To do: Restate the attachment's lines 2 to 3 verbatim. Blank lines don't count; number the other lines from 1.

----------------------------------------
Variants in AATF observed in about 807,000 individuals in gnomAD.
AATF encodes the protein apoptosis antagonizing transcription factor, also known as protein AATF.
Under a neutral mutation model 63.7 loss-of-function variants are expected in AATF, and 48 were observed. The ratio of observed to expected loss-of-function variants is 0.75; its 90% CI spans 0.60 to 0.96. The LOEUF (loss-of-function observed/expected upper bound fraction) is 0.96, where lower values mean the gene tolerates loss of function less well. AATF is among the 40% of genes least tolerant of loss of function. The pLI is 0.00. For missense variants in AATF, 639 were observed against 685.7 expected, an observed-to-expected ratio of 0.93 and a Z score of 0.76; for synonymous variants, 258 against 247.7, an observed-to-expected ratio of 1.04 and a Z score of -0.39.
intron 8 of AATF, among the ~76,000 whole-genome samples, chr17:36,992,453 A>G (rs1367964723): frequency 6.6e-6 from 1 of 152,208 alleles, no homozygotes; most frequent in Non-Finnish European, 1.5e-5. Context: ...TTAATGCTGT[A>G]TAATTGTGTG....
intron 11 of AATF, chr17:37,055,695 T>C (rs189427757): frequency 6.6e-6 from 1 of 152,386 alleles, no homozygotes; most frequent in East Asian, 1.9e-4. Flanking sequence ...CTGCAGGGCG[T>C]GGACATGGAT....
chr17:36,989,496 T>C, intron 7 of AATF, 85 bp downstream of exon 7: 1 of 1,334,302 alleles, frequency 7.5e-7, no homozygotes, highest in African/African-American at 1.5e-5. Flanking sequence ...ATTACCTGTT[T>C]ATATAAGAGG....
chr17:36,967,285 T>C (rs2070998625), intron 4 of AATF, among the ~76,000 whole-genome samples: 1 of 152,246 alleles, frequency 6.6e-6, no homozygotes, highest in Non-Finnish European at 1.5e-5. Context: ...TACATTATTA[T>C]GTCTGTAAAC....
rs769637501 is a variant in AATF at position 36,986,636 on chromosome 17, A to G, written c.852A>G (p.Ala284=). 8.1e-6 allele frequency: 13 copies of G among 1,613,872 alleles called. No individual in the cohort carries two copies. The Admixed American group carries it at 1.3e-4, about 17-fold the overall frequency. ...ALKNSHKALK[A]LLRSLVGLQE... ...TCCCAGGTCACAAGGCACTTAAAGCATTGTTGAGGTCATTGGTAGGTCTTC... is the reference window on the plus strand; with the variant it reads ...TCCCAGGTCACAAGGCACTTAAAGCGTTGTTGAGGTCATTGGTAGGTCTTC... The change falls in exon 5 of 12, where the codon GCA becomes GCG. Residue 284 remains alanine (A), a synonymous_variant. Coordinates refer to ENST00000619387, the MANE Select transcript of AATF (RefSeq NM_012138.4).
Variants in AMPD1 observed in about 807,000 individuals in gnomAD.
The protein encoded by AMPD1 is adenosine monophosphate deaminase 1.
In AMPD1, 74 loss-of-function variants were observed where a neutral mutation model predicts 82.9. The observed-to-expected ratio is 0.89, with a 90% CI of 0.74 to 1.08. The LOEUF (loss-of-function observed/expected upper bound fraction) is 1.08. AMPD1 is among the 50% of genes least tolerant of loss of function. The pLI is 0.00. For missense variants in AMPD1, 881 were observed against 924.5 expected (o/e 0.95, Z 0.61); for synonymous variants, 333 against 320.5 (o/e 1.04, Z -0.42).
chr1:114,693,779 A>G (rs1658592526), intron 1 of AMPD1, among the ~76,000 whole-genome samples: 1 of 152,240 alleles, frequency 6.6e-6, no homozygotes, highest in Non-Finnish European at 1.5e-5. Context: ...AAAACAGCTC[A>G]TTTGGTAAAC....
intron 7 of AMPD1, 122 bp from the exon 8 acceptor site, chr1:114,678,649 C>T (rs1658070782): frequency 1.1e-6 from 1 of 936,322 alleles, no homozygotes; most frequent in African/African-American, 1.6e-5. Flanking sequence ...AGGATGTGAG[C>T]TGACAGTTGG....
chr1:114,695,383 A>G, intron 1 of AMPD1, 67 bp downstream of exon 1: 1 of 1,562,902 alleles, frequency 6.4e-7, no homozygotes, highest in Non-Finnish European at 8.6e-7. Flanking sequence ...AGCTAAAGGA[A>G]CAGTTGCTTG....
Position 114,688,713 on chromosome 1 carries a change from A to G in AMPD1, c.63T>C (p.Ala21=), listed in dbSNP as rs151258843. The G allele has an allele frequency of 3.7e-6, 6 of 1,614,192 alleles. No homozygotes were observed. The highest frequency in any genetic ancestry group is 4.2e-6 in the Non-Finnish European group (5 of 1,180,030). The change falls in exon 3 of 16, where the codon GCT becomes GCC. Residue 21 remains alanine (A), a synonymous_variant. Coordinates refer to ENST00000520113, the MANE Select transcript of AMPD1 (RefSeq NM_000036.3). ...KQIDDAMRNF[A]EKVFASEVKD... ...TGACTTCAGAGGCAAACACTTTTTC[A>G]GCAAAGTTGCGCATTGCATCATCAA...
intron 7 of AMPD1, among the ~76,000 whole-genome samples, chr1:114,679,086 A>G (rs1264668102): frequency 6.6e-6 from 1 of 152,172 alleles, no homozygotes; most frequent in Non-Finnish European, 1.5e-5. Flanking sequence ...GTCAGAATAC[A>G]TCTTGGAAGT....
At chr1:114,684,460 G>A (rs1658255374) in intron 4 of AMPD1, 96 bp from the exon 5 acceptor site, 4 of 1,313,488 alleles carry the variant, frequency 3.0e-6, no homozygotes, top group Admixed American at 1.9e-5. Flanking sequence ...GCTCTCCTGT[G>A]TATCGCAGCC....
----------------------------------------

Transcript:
AATF encodes the protein apoptosis antagonizing transcription factor, also known as protein AATF.
Under a neutral mutation model 63.7 loss-of-function variants are expected in AATF, and 48 were observed. The ratio of observed to expected loss-of-function variants is 0.75; its 90% CI spans 0.60 to 0.96. The LOEUF (loss-of-function observed/expected upper bound fraction) is 0.96, where lower values mean the gene tolerates loss of function less well. AATF is among the 40% of genes least tolerant of loss of function. The pLI is 0.00. For missense variants in AATF, 639 were observed against 685.7 expected, an observed-to-expected ratio of 0.93 and a Z score of 0.76; for synonymous variants, 258 against 247.7, an observed-to-expected ratio of 1.04 and a Z score of -0.39.